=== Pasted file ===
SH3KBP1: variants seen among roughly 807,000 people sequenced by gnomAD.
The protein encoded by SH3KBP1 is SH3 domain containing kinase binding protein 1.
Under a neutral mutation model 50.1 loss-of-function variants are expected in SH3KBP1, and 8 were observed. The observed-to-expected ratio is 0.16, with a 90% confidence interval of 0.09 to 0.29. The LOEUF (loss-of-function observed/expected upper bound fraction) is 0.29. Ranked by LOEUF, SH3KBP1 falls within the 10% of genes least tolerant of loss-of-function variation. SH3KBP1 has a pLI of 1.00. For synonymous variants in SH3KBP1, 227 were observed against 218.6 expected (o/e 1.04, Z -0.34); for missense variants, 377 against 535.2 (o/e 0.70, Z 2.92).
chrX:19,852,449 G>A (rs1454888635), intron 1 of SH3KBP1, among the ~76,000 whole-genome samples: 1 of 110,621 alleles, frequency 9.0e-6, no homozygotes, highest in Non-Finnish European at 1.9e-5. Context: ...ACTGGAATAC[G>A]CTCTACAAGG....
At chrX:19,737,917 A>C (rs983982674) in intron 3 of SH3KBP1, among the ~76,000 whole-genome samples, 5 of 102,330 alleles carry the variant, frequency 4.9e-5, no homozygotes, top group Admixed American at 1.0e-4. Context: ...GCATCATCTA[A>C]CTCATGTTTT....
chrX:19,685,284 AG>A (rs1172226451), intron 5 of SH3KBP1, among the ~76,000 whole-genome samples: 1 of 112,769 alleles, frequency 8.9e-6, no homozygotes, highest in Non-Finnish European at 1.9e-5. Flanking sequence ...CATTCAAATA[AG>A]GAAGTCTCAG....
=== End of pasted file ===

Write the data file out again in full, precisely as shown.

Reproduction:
SH3KBP1: variants seen among roughly 807,000 people sequenced by gnomAD.
The protein encoded by SH3KBP1 is SH3 domain containing kinase binding protein 1.
Under a neutral mutation model 50.1 loss-of-function variants are expected in SH3KBP1, and 8 were observed. The observed-to-expected ratio is 0.16, with a 90% confidence interval of 0.09 to 0.29. The LOEUF (loss-of-function observed/expected upper bound fraction) is 0.29. Ranked by LOEUF, SH3KBP1 falls within the 10% of genes least tolerant of loss-of-function variation. SH3KBP1 has a pLI of 1.00. For synonymous variants in SH3KBP1, 227 were observed against 218.6 expected (o/e 1.04, Z -0.34); for missense variants, 377 against 535.2 (o/e 0.70, Z 2.92).
chrX:19,852,449 G>A (rs1454888635), intron 1 of SH3KBP1, among the ~76,000 whole-genome samples: 1 of 110,621 alleles, frequency 9.0e-6, no homozygotes, highest in Non-Finnish European at 1.9e-5. Context: ...ACTGGAATAC[G>A]CTCTACAAGG....
At chrX:19,737,917 A>C (rs983982674) in intron 3 of SH3KBP1, among the ~76,000 whole-genome samples, 5 of 102,330 alleles carry the variant, frequency 4.9e-5, no homozygotes, top group Admixed American at 1.0e-4. Context: ...GCATCATCTA[A>C]CTCATGTTTT....
chrX:19,685,284 AG>A (rs1172226451), intron 5 of SH3KBP1, among the ~76,000 whole-genome samples: 1 of 112,769 alleles, frequency 8.9e-6, no homozygotes, highest in Non-Finnish European at 1.9e-5. Flanking sequence ...CATTCAAATA[AG>A]GAAGTCTCAG....